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Fire warning systems under review -

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Reporter: Barbara Miller

BRENDAN TREMBATH: Questions are now being asked about how it was possible that there appeared to be
so little warning of the approaching fires.

The Federal Government says early warning systems must be reviewed in light of the disaster.

The Attorney-General Robert McClelland says the fact that many people died while fleeing the fire
suggests safety messages have not been getting through.

But fire safety experts say those messages may up until now have been far too simple.

Barbara Miller reports.

BARBARA MILLER: It was fast, ferocious and arrived with little or no warning.

That's the story being told by many of those who survived the fires.

THOMAS LIBRERI: No matter how much preparation you could have prepared yourself for fires, you
couldn't have been prepared because there was just no warning.

BARBARA MILLER: Thomas Libreri from Kinglake says he had no time to implement his fire plan.

THOMAS LIBRERI: No word of lie, we probably had one minute to prepare. I'm a local builder and I
had generators, fire fighting pumps, I didn't even have the chance to engage the fight then. If my
paddocks were on fire we probably didn't have a chance to (inaudible).

BARBARA MILLER: The Attorney-General Robert McClelland says fire safety practices must now be

ROBERT MCCLELLAND: Many, many of those that causalities occurred by people fleeing, fleeing too
late. Now, we can't be judgemental about that decision but we need to get I think the correct
message and the correct message in early and I think we really do need to look at our early warning
systems. Whether those early warning systems are adequate and whether they can be enhanced on a
national basis.

BARBARA MILLER: Robert McClelland told ABC News Breakfast that one possibility would be to set up a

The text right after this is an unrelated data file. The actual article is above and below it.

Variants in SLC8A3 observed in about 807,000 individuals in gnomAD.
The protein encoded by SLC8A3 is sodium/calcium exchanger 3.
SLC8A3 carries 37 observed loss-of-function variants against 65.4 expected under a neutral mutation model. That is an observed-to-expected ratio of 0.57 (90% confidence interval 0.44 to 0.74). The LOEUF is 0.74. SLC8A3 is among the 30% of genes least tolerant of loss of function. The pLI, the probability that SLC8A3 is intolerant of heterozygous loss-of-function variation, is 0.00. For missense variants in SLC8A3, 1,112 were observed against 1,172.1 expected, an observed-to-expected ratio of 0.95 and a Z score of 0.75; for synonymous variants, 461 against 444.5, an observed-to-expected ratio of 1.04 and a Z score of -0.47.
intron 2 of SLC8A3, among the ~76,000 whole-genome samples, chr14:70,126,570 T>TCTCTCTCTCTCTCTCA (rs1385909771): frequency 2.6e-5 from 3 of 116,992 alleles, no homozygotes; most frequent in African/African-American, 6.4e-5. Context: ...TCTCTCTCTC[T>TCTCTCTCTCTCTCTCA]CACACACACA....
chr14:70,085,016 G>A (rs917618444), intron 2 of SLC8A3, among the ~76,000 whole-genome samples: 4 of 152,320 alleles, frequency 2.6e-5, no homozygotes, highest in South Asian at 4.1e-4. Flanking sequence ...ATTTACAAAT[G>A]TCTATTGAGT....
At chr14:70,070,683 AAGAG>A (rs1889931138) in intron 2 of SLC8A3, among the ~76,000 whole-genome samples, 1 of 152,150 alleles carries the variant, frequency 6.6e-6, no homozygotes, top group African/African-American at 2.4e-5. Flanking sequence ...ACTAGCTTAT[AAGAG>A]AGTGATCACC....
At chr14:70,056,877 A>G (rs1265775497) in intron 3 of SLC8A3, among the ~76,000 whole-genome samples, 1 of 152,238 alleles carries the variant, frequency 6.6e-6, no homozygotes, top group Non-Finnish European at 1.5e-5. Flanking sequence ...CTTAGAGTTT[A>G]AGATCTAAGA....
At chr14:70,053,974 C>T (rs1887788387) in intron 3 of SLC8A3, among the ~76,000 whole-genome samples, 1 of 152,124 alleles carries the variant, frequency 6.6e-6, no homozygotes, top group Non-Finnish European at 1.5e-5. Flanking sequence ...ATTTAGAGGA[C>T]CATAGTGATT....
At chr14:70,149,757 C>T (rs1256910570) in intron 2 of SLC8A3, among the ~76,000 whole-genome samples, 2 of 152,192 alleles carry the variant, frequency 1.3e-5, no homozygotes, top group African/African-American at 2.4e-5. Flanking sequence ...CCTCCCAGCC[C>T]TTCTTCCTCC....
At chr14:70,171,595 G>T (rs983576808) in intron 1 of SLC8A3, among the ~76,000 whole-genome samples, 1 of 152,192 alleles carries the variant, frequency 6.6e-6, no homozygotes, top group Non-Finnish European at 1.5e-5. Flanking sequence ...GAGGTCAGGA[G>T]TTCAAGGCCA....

telephone warning system.

ROBERT MCCLELLAND: A lot of work has been happening over the last 12 months to look at how we can
do that and in fact Victoria had been one of the states leading in developing an early warning
system but there are complications of creating a system that doesn't itself overstretch the
telephone communication system.

BARBARA MILLER: But some fire safety experts say the problem is not the early warning system.

Dr Kevin Tolhurst is a senior lecturer in fire ecology and management at the University of

KEVIN TOLHURST: The warnings have certainly been out there. The Premier, the fire chiefs, they've
all been giving warnings that this is likely to happen. It's, we as part of a general public really
need to be, take it one board in a much more real way.

BARBARA MILLER: But you have people in the fire affected areas saying that they were prepared, that
they did have a fire plan, but they simply didn't have time to implement it.

KEVIN TOLHURST: Well I think we don't have any way of really assessing at the moment how effective
some of those fire plans have been because they're, it's important to have your plan but it
certainly needs to be evaluated by someone with I guess knowledge. So we need toperhaps improve how
we help people do that, I know there are consultants who actually do some of that work, but that's
a very small proportion of the population that would use those sort of services.

But the agencies could probably do a lot more to basically do a door knock on a regular basis
throughout the year assisting people in evaluating their plan and their preparedness works around
their homes.

BARBARA MILLER: Do you think a lot of people thought they were prepared but weren't?

KEVIN TOLHURST: Yeah, I think that's the case. I think a lot of people sort of thought, well
they've got their sprinkler system or they've cleared up the leaves out of the gutters or they've
done certain things, but it's probably inadequate for the environment that they were actually in.

So, I think we've got an issue here that we're saying be prepared, but then we're not really
following through in being able to advise people that yes, what you considered to be prepared will
be adequate under these sort of circumstances or they will be likely to fail if the weather
conditions or the fire conditions exceed some particular threshold.

BARBARA MILLER: Do you think the message is being given out at the moment of how to prepare are
perhaps too simple?

KEVIN TOLHURST: I think it is. We need to not simplify the situation as much as we've done in the
past and be a bit more realistic about the full dynamics and complexity of fires that people face.

BARBARA MILLER: The Victorian Premier John Brumby has also said fire safety messages may now be out
of date.

Mr Brumby said the policy of telling people to leave early or make sure they had a fire plan had
served the country well for 20 years or so.

But he said there is no question that there were people there who did everything right but whose
homes were just incinerated.